Legal development

Thought for the Week - Five things to know about crypto

Thought for the Week - Five things to know about crypto

    The high-profile failures of crypto businesses, such as FTX, has drawn further attention to the need for regulation to protect investors.

    The UK Government has published a series of papers addressing its approach to the regulation of cryptoassets, as it seeks to create a balanced, benign environment for crypto-related investment activity in the UK.

    In this thought for the week, we set out five key messages about the way that the UK regime is taking shape:

    1. The UK is regulating in stages

    The UK Government intends to legislate on the issuance and services connected to fiat-backed stablecoins (i.e. cryptoassets that seek to maintain a stable value by reference to real-world currencies) before moving on to other cryptoassets. Primary legislation was passed in the summer of 2023 to empower the Treasury and regulators to develop detailed rules. Secondary legislation is expected for fiat-backed stablecoins in early 2024, with further legislation on other assets and intermediary services following. The Bank of England and the Financial Conduct Authority have both released discussion papers, seeking comments on their intended approaches for stablecoin issuance and related services.

    The Government has also proposed making “operating a cryptoasset lending platform” a regulated activity and requiring the publication of clear contractual terms. These proposals received strong support, and rules on retail-level activity are expected in due course.

    2. The UK isn’t reinventing the wheel for cryptoassets

    The UK Government intends to use the existing regulatory framework for cryptoassets. In the EU, the Markets in CryptoAssets Regulation (MiCAR) is a bespoke arrangement drawing on several legislative sources. The UK approach is to regulate services for cryptoassets used as investments under the well-established Financial Services and Markets Act 2000 and related financial services legislation. The Government is sensitive to the need to address the peculiar features of cryptoassets, so adjustments are expected where appropriate.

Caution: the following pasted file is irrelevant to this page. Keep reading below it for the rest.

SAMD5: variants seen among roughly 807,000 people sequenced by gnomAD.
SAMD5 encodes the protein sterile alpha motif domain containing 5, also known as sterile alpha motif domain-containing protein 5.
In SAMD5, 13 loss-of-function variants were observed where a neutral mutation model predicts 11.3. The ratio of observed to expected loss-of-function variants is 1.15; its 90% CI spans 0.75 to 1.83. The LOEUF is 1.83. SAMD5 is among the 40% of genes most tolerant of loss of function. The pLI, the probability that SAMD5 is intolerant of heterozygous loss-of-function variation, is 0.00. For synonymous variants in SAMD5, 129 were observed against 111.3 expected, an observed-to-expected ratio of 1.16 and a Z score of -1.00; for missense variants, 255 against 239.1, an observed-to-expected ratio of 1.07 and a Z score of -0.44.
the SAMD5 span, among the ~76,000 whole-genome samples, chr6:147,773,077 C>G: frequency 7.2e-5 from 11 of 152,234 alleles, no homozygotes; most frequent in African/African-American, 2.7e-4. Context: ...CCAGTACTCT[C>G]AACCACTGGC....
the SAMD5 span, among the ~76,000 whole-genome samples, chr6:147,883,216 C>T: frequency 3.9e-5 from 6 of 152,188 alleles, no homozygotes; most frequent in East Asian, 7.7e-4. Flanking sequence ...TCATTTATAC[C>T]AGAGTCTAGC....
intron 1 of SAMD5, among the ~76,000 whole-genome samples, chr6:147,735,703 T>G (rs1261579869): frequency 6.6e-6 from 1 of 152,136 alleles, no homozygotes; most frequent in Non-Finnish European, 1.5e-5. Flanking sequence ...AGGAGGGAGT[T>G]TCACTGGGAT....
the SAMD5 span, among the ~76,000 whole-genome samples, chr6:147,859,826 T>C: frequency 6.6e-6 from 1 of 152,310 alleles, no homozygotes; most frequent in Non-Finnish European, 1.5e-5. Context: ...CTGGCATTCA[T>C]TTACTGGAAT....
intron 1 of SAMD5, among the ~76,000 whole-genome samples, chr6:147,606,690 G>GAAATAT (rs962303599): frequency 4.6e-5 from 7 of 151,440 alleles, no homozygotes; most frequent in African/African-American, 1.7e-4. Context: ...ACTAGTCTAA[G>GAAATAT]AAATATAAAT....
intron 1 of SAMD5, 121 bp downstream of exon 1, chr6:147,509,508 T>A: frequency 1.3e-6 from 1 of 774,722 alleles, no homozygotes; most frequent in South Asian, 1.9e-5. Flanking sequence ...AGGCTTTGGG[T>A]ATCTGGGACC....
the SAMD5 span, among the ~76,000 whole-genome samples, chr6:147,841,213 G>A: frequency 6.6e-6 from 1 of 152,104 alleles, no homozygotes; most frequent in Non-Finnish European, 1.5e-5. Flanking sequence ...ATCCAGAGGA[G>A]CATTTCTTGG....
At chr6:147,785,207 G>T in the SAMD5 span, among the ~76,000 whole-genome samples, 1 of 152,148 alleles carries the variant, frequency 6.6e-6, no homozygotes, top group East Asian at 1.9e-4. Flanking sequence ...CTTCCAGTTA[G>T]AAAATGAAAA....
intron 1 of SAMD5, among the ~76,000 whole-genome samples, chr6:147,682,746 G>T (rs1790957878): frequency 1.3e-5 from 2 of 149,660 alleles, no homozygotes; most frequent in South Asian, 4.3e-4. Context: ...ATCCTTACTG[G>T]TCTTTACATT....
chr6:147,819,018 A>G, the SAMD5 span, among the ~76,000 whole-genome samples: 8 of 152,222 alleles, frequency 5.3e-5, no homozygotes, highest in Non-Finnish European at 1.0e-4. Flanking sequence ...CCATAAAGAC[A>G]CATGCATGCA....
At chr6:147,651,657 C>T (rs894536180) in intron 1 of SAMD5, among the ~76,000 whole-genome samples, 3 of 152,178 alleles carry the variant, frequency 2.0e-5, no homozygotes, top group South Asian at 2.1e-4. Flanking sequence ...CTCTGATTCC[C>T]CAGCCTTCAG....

3. Crypto investing is not gambling

    The Treasury Select Committee took aim at investments in unbacked cryptoassets earlier this year. The Committee proposed that the Government treat such activity as gambling, but that approach was rejected. The Government thinks it would be better for consumers to treat investments in different asset classes in similar ways, even if their risk profiles remain different.

    4. Not all cryptoassets are the same

    The definition of cryptoassets included in the Financial Services and Markets Act 2023 is very wide, and it can potentially include digital objects traded for gaming, artistic, or other purposes. 

    The Government, however, does not intend to regulate all cryptoassets, as such, but only those being used for investment and payment purposes. 

    5. Authorised firms will need to obtain new permissions

    The Government intends to create new regulated activities for cryptoasset service providers. Firms with Part 4A permissions will need to apply for variations of permissions to undertake these services. Unauthorised firms, including those registered under the UK’s anti-money laundering regime, will need to seek authorisation.

    Authors: James Levy, Simon Helm, and Andrew Sims

    The information provided is not intended to be a comprehensive review of all developments in the law and practice, or to cover all aspects of those referred to.
    Readers should take legal advice before applying it to specific issues or transactions.


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